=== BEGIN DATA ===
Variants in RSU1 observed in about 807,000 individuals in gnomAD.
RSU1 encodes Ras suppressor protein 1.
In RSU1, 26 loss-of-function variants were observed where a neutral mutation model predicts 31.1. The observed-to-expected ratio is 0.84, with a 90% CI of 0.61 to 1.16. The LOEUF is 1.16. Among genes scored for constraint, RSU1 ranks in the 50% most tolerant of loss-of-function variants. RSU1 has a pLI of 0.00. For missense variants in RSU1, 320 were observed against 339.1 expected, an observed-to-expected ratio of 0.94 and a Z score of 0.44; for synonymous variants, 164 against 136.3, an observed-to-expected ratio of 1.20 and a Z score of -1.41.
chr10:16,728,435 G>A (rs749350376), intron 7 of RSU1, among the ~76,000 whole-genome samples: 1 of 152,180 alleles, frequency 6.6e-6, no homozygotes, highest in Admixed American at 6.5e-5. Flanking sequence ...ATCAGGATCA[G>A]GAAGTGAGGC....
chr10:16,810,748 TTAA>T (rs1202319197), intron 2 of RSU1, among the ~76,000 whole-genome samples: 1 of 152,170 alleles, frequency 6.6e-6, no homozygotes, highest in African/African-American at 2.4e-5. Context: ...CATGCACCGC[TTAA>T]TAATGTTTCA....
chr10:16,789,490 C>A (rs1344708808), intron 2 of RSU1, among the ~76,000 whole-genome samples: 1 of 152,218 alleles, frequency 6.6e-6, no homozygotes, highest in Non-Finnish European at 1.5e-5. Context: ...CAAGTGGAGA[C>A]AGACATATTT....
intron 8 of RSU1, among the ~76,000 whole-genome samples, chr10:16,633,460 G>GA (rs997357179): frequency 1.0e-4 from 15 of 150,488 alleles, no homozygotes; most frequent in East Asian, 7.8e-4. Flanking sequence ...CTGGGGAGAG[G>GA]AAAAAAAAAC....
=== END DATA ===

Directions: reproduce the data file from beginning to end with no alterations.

Variants in RSU1 observed in about 807,000 individuals in gnomAD.
RSU1 encodes Ras suppressor protein 1.
In RSU1, 26 loss-of-function variants were observed where a neutral mutation model predicts 31.1. The observed-to-expected ratio is 0.84, with a 90% CI of 0.61 to 1.16. The LOEUF is 1.16. Among genes scored for constraint, RSU1 ranks in the 50% most tolerant of loss-of-function variants. RSU1 has a pLI of 0.00. For missense variants in RSU1, 320 were observed against 339.1 expected, an observed-to-expected ratio of 0.94 and a Z score of 0.44; for synonymous variants, 164 against 136.3, an observed-to-expected ratio of 1.20 and a Z score of -1.41.
chr10:16,728,435 G>A (rs749350376), intron 7 of RSU1, among the ~76,000 whole-genome samples: 1 of 152,180 alleles, frequency 6.6e-6, no homozygotes, highest in Admixed American at 6.5e-5. Flanking sequence ...ATCAGGATCA[G>A]GAAGTGAGGC....
chr10:16,810,748 TTAA>T (rs1202319197), intron 2 of RSU1, among the ~76,000 whole-genome samples: 1 of 152,170 alleles, frequency 6.6e-6, no homozygotes, highest in African/African-American at 2.4e-5. Context: ...CATGCACCGC[TTAA>T]TAATGTTTCA....
chr10:16,789,490 C>A (rs1344708808), intron 2 of RSU1, among the ~76,000 whole-genome samples: 1 of 152,218 alleles, frequency 6.6e-6, no homozygotes, highest in Non-Finnish European at 1.5e-5. Context: ...CAAGTGGAGA[C>A]AGACATATTT....
intron 8 of RSU1, among the ~76,000 whole-genome samples, chr10:16,633,460 G>GA (rs997357179): frequency 1.0e-4 from 15 of 150,488 alleles, no homozygotes; most frequent in East Asian, 7.8e-4. Flanking sequence ...CTGGGGAGAG[G>GA]AAAAAAAAAC....